While the partnership between London's Great Ormond Street Hospital (GOSH) and Formula 1 racing may appear unusual, the firms share common threads that have resulted in success for both sides.
Professor Martin Elliott is Professor of Paediatric Cardiothoracic Surgery at University College London and Director of the National Service for Severe Tracheal Disease in Children. Based at GOSH, he has spent the last ten years looking at how the technology used by racing teams might save lives
Prof Elliott recognised commonalities between healthcare and Formula 1 when analysing the journey patients make between operating theatres and intensive care units. He noted that such trips carry high risks where the slightest complication can add days to a person's time in intensive care, or worse.
GOSH deduced that the application of racing technology could lower this risk. Ahead of IFB2016 Prof Elliott shares his method and stresses that tech firms should look beyond their own sector for growth opportunities and valuable collaborations.
- In the mid noughties, Prof Elliott noted the speed with which coordinated Formula 1 pit crews made changes to cars. He likened it to his own medical team, which carried out similarly complex procedures on a young patient the night before. This was the common thread that sparked his concept.
- After reaching out to contacts, Prof Elliott and his team were invited to Ferrari's Formula 1 home in Italy to see first-hand how complex F1 cars are stripped down and altered in mere seconds. His team invited F1 engineers to GOSH to offer guidance.
- Engineers noted shortcomings in GOSH protocols when transferring patients. For example, no one was placed in charge of a patient during critical handovers between units, and data captured at each stage of their journey was not retained when they were hooked up to new equipment.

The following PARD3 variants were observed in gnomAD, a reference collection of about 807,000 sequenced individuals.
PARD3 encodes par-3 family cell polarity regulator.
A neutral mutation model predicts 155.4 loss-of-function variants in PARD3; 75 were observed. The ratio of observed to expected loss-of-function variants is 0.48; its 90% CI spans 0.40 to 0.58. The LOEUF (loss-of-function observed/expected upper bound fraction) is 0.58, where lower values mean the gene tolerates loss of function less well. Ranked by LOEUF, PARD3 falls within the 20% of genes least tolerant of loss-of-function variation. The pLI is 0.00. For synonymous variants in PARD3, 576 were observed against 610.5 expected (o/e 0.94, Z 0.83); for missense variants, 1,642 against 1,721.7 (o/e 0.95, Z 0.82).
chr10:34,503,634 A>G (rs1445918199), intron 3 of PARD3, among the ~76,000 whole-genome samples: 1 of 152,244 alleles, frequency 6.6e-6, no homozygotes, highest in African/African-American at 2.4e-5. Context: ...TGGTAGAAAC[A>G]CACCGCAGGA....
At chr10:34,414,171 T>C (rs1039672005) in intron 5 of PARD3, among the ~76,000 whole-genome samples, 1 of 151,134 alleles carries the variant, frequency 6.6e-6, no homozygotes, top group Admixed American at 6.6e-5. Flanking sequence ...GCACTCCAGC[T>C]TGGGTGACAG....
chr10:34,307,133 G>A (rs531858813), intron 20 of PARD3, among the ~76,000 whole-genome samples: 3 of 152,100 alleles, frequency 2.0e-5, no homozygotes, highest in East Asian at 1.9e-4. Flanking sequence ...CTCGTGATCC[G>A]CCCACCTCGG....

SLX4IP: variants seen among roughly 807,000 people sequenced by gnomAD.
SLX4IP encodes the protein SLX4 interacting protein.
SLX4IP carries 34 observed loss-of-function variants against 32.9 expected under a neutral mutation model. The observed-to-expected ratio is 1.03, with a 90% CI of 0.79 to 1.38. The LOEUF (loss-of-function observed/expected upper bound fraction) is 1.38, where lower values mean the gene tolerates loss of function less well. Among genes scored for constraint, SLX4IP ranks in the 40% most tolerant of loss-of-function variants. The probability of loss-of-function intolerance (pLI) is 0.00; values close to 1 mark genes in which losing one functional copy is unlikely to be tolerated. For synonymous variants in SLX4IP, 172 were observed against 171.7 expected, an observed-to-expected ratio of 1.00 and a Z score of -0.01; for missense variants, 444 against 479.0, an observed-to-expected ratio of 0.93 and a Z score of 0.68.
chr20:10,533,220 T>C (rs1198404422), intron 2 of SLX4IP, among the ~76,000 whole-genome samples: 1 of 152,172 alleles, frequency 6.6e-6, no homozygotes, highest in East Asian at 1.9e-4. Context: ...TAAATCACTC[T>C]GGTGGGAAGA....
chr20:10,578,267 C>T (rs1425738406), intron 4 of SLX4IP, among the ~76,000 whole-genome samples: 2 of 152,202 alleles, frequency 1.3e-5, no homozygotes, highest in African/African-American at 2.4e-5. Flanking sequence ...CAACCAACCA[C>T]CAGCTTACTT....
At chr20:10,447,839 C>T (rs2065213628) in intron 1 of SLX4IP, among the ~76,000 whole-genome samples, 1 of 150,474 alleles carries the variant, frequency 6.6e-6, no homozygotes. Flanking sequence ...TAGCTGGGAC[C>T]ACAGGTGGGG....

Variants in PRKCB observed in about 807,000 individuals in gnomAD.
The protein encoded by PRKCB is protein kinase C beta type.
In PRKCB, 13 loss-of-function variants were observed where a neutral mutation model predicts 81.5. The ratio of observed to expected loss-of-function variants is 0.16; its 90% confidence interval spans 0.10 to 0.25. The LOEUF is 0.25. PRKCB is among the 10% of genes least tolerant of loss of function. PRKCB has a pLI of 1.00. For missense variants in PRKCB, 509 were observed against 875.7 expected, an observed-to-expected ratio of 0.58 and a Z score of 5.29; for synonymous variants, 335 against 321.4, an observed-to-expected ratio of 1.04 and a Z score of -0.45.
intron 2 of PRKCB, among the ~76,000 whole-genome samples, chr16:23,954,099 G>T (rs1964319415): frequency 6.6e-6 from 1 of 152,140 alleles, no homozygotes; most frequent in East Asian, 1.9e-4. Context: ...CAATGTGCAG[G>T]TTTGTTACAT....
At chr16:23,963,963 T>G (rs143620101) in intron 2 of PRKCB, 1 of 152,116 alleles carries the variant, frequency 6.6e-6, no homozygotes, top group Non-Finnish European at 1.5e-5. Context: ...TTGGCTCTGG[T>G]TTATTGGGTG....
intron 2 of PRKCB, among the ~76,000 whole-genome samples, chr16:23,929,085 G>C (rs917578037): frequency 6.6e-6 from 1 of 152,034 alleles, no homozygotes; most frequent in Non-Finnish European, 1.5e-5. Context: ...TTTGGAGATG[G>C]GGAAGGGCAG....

- Using this insight Prof Elliott's team introduced checklists to ensure procedures were followed, while new channels were created for junior doctors to voice their concerns clearly and foster a stronger culture of teamwork. Surgeons were also trained to soften their approach and convey information more clearly to ensure teams were confident and coordinated at all times.
- The process was formally trialled over a two-year period, resulting in a four-times reduction in mistakes and an increase in team performance across the board. Patient handovers are now practiced regularly to ensure standards are maintained.
Today, Prof Elliott and the wider GOSH team continue to innovate with Formula 1. Both parties have recently explored the application of 3D printing in the operation theatre, enabling surgeons to print surgical instruments on demand to conduct complex procedures.
GOSH is now open to collaborations with firms from other sectors, and Prof Elliott now has the tracking systems and sensors of logistic firms such as FedEx in his sights. He feels the technology could enable medical professionals to monitor the progress of recovering patients after they have been discharged from hospital.
They key takeaway from the joint efforts of GOSH and Formula 1 is that however qualified you are or successful your business, there is always more to learn. Being open to the possibility can reveal great opportunities.
The three biggest lessons we learned from the pit crews were rehearsal, rehearsal and rehearsal. We never ever rehearsed anything because there was always another baby to deal withProfessor Martin Elliott, Great Ormond Street Hospital
- By allowing Formula 1 access to appraise its patient transfer methods, GOSH was able to identify shortcomings it would have otherwise overlooked. This openness may help tech start-ups unearth new partnerships or efficiencies.
- Prof Elliott researched beyond the medical sector echo chamber to identify technology that could advance his team's work. Humility and a willingness to reach out to other firms can help grow networks and unlock new growth.
- Although GOSH implemented Formula 1's insights to good effect, Prof Elliott's team is not resting on laurels. The hospital continues to research, appraise and test new technologies on an ongoing basis to encourage new growth.
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